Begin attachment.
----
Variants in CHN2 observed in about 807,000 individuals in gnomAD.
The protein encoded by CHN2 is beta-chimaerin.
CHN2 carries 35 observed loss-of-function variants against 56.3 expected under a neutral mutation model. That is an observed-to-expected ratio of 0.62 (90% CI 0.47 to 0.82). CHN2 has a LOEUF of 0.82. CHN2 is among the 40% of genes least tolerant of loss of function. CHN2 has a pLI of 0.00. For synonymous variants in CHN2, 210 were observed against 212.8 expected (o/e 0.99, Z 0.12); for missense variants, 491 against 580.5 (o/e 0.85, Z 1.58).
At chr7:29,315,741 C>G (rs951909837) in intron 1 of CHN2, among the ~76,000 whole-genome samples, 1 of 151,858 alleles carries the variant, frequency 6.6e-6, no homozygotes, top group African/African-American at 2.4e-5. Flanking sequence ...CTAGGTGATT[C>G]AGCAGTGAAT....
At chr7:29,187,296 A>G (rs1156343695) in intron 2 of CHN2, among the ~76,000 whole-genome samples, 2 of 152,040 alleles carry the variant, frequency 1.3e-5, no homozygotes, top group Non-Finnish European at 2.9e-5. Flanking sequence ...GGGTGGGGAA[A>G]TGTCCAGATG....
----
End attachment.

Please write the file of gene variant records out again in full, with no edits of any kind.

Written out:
Variants in CHN2 observed in about 807,000 individuals in gnomAD.
The protein encoded by CHN2 is beta-chimaerin.
CHN2 carries 35 observed loss-of-function variants against 56.3 expected under a neutral mutation model. That is an observed-to-expected ratio of 0.62 (90% CI 0.47 to 0.82). CHN2 has a LOEUF of 0.82. CHN2 is among the 40% of genes least tolerant of loss of function. CHN2 has a pLI of 0.00. For synonymous variants in CHN2, 210 were observed against 212.8 expected (o/e 0.99, Z 0.12); for missense variants, 491 against 580.5 (o/e 0.85, Z 1.58).
At chr7:29,315,741 C>G (rs951909837) in intron 1 of CHN2, among the ~76,000 whole-genome samples, 1 of 151,858 alleles carries the variant, frequency 6.6e-6, no homozygotes, top group African/African-American at 2.4e-5. Flanking sequence ...CTAGGTGATT[C>G]AGCAGTGAAT....
At chr7:29,187,296 A>G (rs1156343695) in intron 2 of CHN2, among the ~76,000 whole-genome samples, 2 of 152,040 alleles carry the variant, frequency 1.3e-5, no homozygotes, top group Non-Finnish European at 2.9e-5. Flanking sequence ...GGGTGGGGAA[A>G]TGTCCAGATG....